I have a shower floor of 125x80cm with a drain grate located off centre (see photo attached).
I'm planning to build a sloped screed to have a curbless shower. I have already lower the shower floor and leveled it.
I watched a Bunnings video shower base tile installation where they used large format tiles, layed it on the base and cut from corners of base to the drain to match the tiles with slope of the shower base.
I have encoustic 20x20 tiles and I have been told not to slope the pan by quarters and not to cut the tiles as the videos demonstration. Main reason being the cut tiles end up with sharp lips as opposed to the original manufactured sides where there is rounded lip. Having the sharp edges would not be pleasing under foot traffic.
Also, since my tiles are patterned, cutting as such would ruin the overall pattern.
I've had a look all over internet and i have only seen large format tile cut as such or small mosaic tiles used for shower floor.
Could you please advice of alternative sloping methods as apposed to the corner to centre quarter slopes i can use to build the shower base so that I would not have to cut tiles where foot traffic is.
Your help is greatly appreciated
With large format tiles, they are cut like this as there is no other way for them to follow the grade of the shower base into a central waste. This is why you see strip drains on the sides of recesses becoming common usage.
With smaller tiles and mosaics, this is not necessary as the thickness of tile glue allows them to be individually adjusted to suit the grade. The smaller the tile the easier it is to adjust them to the grade. This is why you have seen so many smaller tiles used on the base of showers.
In your case, you would lay a screed with as minimal a grade as possible. You would then adjust each individual tile to suit the grade.
Tiling a wall is quite easy but getting 200 x 200mm tiles to follow a grade to a central waste without cutting them is a bit of an art form.
Thanks @MitchellMc for getting back to me.
In terms of functionality of slope, with the grout lines where slopes meet, is it required to have the grout line end at the centre of the drain? Or would it still work the same if the grout line does not end up on top of the drain?
I apologise as I'm not sure if I completely understand your question. You don't need to have the slope quartered or have any meeting slopes. That is just a convenient way to grade the shower evenly. It's not required to have grout lines end at the centre drain. As long as there is a consistent grade towards the drain all the tiling is positioned to look the best whilst being convenient to lay.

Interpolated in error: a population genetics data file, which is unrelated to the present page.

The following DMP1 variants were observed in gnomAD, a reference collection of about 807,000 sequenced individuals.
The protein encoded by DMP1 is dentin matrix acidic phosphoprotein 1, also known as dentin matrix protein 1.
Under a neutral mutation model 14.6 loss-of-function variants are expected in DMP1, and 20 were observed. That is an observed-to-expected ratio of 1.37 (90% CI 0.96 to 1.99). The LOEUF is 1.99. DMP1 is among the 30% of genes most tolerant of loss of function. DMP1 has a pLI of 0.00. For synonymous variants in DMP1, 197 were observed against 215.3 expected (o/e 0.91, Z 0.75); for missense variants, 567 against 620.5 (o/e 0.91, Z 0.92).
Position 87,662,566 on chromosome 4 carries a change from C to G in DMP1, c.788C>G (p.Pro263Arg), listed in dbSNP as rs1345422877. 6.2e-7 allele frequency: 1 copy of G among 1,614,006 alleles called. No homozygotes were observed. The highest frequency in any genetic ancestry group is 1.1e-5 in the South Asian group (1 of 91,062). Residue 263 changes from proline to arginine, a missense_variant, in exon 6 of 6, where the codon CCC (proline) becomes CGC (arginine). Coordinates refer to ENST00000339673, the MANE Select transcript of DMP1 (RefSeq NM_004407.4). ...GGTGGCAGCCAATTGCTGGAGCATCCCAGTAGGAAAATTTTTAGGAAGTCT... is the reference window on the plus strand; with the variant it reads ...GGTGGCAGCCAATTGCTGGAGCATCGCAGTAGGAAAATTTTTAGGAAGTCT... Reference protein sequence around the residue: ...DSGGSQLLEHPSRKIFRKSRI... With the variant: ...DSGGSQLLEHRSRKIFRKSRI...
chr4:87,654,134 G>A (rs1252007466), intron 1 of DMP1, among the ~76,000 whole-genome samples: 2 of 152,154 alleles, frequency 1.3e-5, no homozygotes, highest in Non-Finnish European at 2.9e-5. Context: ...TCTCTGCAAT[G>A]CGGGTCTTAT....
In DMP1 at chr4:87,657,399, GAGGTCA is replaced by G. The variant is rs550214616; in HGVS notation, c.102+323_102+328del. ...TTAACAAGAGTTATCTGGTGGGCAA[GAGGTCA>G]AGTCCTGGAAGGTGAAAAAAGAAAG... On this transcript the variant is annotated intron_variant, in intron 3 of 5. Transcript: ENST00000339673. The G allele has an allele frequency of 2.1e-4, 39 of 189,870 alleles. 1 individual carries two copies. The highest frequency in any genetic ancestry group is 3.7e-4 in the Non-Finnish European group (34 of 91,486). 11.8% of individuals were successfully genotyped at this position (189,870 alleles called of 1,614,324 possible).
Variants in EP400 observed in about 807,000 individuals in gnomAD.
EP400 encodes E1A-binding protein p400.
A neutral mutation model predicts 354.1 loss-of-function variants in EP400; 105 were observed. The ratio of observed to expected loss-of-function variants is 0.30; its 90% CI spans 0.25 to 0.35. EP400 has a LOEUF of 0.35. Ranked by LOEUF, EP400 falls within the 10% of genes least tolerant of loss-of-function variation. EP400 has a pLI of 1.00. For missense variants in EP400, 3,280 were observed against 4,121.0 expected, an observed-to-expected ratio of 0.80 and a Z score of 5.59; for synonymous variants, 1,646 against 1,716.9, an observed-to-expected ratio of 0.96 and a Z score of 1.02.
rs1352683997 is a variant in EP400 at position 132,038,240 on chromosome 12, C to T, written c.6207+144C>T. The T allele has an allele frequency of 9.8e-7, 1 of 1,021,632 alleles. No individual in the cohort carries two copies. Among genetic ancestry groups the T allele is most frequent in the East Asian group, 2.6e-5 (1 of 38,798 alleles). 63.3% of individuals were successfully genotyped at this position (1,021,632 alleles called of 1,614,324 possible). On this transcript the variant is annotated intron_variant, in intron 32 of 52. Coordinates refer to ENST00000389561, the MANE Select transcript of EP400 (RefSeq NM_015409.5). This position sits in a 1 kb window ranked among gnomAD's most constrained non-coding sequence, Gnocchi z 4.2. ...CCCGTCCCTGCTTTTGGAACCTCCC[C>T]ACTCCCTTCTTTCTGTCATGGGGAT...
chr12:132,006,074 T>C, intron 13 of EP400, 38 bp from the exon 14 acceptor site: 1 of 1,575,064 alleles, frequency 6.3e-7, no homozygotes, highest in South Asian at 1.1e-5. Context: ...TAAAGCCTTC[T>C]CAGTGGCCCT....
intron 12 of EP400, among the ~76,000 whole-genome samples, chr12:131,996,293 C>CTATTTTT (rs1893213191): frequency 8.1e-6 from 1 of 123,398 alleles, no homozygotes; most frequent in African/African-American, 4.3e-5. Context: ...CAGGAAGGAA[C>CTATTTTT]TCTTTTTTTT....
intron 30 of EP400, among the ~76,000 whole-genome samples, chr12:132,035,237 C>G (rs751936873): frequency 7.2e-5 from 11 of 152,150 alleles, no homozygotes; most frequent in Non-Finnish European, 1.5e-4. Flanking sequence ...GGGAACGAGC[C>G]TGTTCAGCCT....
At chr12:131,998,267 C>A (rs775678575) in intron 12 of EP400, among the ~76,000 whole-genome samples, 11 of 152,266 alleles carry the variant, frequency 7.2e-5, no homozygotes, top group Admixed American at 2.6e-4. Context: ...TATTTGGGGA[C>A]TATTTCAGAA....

With 200 x200 tiles its not necessary to quarter. Ideally you want to position the tiles so the floorwaste is in the centre of 4 tiles.
This is more important than having full tiles along an edge.
You can adjust the floorwaste centre a bit to eliminate small cuts.
If your room isn't perfectly square, the closer the grout line is to the wall the more obvious it will become.
If you do have small cuts an alternative is lay on the diagonal. A bit more cutting but can be a good look.
Put 4 tiles down at the floorwaste, then rest 2 straight edges against the tile edges at right angles and check and adjust for squareness of your room.
Then lay out a few tiles to check how small cuts to the wall will be. You don't want cuts that are so small that they are hard to do without breaking the tile.
Start tiling at the floorwaste.
Layout and precut tiles where you need to do curve cuts before putting any adhesive down. eg around floowaste or toilet.
The best and easiest floor tiling jobs are where you don't try and use the glue as a leveler as you go.
So the key, especially if you are not experienced, is it to have a properly prepared gently sloping floor.
How did you use the rotory hammer drill?
I have the same issue, but I have no idea how to use the rotory drill
Welcome to the Bunnings Workshop community @katricken. It's fantastic that you've joined us and many thanks for your question.
It would be helpful to hear which rotary hammer drill you are using. Generally, you would put the drill into chisel mode, which stops it spinning. This is done via a large switch which should depict a drill and chisel. This mode allows you to chisel the brickwork/cement away.
I look forward to seeing what product you have and providing some assistance.
I believe the mortar holding the brick has petrified and it has hardened like rock. You might need to use a sledgehammer to break the brick and mortar as recommended by @MitchellMc @ Just be carful not to hit the surrounding areas and add more work to your reno.
I am a Bunnings team member. Any opinions or recommendations shared here are my own and do not necessarily represent those of Bunnings.
Please visit the Bunnings website if you need assistance from the Bunnings customer service team.